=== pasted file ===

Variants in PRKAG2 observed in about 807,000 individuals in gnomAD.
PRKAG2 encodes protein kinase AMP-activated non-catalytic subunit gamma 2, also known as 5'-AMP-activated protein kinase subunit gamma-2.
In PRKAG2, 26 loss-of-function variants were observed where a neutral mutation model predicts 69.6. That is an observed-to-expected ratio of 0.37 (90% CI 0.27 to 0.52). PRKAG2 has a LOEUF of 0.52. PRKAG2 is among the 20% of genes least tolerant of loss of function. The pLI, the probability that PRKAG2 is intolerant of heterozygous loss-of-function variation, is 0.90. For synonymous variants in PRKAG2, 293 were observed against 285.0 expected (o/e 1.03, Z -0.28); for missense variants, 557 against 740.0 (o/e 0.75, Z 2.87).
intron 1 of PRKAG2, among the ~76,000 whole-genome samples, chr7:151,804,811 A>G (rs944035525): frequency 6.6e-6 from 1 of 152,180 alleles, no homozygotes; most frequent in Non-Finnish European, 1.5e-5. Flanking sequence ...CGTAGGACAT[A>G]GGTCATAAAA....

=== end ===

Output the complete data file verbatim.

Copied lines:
Variants in PRKAG2 observed in about 807,000 individuals in gnomAD.
PRKAG2 encodes protein kinase AMP-activated non-catalytic subunit gamma 2, also known as 5'-AMP-activated protein kinase subunit gamma-2.
In PRKAG2, 26 loss-of-function variants were observed where a neutral mutation model predicts 69.6. That is an observed-to-expected ratio of 0.37 (90% CI 0.27 to 0.52). PRKAG2 has a LOEUF of 0.52. PRKAG2 is among the 20% of genes least tolerant of loss of function. The pLI, the probability that PRKAG2 is intolerant of heterozygous loss-of-function variation, is 0.90. For synonymous variants in PRKAG2, 293 were observed against 285.0 expected (o/e 1.03, Z -0.28); for missense variants, 557 against 740.0 (o/e 0.75, Z 2.87).
intron 1 of PRKAG2, among the ~76,000 whole-genome samples, chr7:151,804,811 A>G (rs944035525): frequency 6.6e-6 from 1 of 152,180 alleles, no homozygotes; most frequent in Non-Finnish European, 1.5e-5. Flanking sequence ...CGTAGGACAT[A>G]GGTCATAAAA....